Five Iraqi refugees arrested in Colorado in brutal rape case

….and one of them helped American troops in Iraq and they helped him get here!  

Must be Iraqi crime day at RRW!  So much for that highly touted refugee screening process.

This is from the Colorado Springs Gazette from earlier this week.  I had missed it until I had a look at The Religion of Peace just now—a website I recommend that you visit from time to time.   Be sure to check the mugshots.

Colorado Springs police arrested five Iraqi men Tuesday in connection with what they called a “rare” and “horrific” sexual assault on a woman early July 22. The arrests included one man who was a central character in an Army’s sergeant’s memoir of an Iraq deployment.

Sarmad Fadhi Mohammed and Jasim Mohammed Hasin Ramadon were taken into custody on suspicion of sexual assault. Mustafa Sataar Al Feraji, Ali Mohammed Hasan Al Juboori and Yasir Jabbar Jasim were arrested on suspicion of accessory to sexual assault. All are in their 20s.

Lt. Howard Black, who heads the Police Department’s special victim’s unit, said the severity of the attack made it rare in the city, adding that the woman’s injuries could have been life-threatening.

“We don’t see these types of assaults typically in Colorado Springs,” he said.

Ahhhh! A soldier helped “Steve-O” get to the US!   And before this serious crime ol’ Steve-O already had a record!

Ramadon was featured in “A Soldier’s Promise,” a combat memoir by Army First Sgt. Daniel Hendrex  published in 2009 . Hendrex met the 14-year-old Ramadon  while deployed to Husaybah, a town in Al Anbar Province in Iraq , according to book reviews on According to reviews, Ramadon encountered Hendrex’s soldiers in December 2003, and pleaded with them to arrest him in exchange for key information about local insurgents. The book chronicles Ramadon’s relationship with Hendrex’s unit, of which he became an intricate part, ultimately earning the nickname Steve-O, the review reads.  Later, in exchange for his services, Hendrex helped Ramadon immigrate to the United States.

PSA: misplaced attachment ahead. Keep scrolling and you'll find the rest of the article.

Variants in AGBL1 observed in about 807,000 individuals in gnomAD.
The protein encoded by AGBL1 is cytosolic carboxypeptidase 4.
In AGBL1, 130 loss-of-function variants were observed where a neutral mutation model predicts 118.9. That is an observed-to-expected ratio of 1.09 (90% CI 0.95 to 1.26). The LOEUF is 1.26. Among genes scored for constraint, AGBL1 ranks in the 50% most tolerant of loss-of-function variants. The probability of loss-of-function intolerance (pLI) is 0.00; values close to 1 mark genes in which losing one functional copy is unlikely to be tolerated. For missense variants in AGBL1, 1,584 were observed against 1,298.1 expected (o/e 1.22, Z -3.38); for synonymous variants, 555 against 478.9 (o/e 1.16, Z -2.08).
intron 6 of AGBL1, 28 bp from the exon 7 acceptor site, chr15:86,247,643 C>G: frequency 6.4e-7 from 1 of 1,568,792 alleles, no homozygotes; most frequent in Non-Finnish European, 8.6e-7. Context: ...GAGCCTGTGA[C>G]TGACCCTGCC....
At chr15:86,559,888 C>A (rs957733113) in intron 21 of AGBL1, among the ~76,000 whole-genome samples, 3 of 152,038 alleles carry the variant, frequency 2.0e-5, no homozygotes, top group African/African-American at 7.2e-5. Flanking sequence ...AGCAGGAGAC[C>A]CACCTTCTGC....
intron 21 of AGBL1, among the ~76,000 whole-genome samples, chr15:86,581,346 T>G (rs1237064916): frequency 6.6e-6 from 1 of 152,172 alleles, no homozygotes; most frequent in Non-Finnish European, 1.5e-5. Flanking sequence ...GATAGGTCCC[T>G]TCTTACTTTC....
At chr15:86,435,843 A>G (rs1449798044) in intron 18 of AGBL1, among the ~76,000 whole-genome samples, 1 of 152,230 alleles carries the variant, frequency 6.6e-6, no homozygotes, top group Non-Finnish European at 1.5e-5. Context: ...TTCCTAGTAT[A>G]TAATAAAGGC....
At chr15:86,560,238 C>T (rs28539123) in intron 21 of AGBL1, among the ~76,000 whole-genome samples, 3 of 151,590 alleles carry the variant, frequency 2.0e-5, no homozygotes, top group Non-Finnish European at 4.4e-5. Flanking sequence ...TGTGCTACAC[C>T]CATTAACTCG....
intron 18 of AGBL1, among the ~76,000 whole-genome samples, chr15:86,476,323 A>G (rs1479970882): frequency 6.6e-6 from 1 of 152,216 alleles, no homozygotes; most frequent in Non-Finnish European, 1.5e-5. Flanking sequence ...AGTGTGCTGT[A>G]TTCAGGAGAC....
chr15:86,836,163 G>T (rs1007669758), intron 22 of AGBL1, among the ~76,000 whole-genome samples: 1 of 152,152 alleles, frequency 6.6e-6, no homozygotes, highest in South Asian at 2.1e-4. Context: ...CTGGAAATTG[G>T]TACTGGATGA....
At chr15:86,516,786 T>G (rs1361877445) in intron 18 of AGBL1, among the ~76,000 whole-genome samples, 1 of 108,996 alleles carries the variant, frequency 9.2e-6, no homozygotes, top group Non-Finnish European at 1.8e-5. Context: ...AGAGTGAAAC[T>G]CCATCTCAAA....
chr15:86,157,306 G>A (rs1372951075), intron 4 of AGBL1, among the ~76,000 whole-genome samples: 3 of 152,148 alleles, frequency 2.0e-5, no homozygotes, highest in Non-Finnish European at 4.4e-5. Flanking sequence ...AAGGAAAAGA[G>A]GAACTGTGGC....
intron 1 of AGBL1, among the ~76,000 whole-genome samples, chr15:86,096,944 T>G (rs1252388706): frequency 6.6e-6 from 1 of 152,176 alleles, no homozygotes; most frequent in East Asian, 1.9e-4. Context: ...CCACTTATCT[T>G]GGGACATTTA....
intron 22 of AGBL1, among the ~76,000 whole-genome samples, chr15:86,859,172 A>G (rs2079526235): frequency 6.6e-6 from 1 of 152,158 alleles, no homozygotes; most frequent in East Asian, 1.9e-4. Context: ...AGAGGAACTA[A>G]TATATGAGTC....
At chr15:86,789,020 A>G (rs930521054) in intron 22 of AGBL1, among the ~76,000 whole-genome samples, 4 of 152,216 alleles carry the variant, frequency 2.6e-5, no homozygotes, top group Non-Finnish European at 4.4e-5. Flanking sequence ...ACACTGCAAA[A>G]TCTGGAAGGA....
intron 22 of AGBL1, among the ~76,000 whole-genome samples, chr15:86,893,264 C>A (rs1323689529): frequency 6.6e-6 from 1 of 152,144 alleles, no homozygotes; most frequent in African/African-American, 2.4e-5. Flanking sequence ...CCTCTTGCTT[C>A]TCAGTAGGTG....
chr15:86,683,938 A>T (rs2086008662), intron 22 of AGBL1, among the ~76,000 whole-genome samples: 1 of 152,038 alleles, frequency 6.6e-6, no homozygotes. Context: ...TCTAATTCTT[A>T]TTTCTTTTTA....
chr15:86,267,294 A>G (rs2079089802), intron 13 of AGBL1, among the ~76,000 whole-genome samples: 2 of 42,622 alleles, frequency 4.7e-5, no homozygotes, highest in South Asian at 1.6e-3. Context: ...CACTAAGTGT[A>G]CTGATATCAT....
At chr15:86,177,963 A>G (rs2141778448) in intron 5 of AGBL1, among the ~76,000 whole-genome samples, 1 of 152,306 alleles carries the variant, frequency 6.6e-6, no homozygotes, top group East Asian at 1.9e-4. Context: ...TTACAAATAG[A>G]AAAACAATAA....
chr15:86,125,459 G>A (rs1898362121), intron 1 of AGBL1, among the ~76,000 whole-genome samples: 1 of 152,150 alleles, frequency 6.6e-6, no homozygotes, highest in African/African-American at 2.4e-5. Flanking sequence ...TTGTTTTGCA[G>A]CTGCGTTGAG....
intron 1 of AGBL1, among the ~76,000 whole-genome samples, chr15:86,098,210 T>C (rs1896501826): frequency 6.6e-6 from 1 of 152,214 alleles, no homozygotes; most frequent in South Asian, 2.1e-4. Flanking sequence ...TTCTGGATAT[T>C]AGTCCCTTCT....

How much do you want to bet they are never deported?  They will claim that they will be killed if returned to Iraq, so we get to keep them.  Yippee!

Police said all five men had established “lawful permanent resident” status within the past five years but could face deportation if convicted of the crimes.

Read it all.

For new readers with stamina, I just realized we have written 534 posts on Iraqi refugees since 2007!  See our Iraqi category here.

Iraqi refugee terrorist trial to begin in Kentucky on August 28th

Update August 23:  Former refugee pleads guilty, saves Obama Administration further bad publicity about refugee resettlement.

“I was a little bit worried these guys could get into our country so easily” 

(Pennsylvania National Guardsman who will be at the trial.)

This is an incredible story from the Associated Press about how a Pennsylvania National Guardsman learned about two Iraqi refugees arrested in Kentucky, here, in June of last year and studied court documents and has concluded that those two arrested for allegedly planning to send aid to Al Qaeda in Iraq may have helped kill his fellow soldiers.

Here is AP (emphasis mine):

LOUISVILLE, Ky. — An Iraqi refugee accused of plotting to help terrorists back home may himself have been an insurgent during the war. When he goes on trial this month, watching from the gallery will be several U.S. soldiers who suspect his roadside bombs killed their comrades in Iraq in 2005.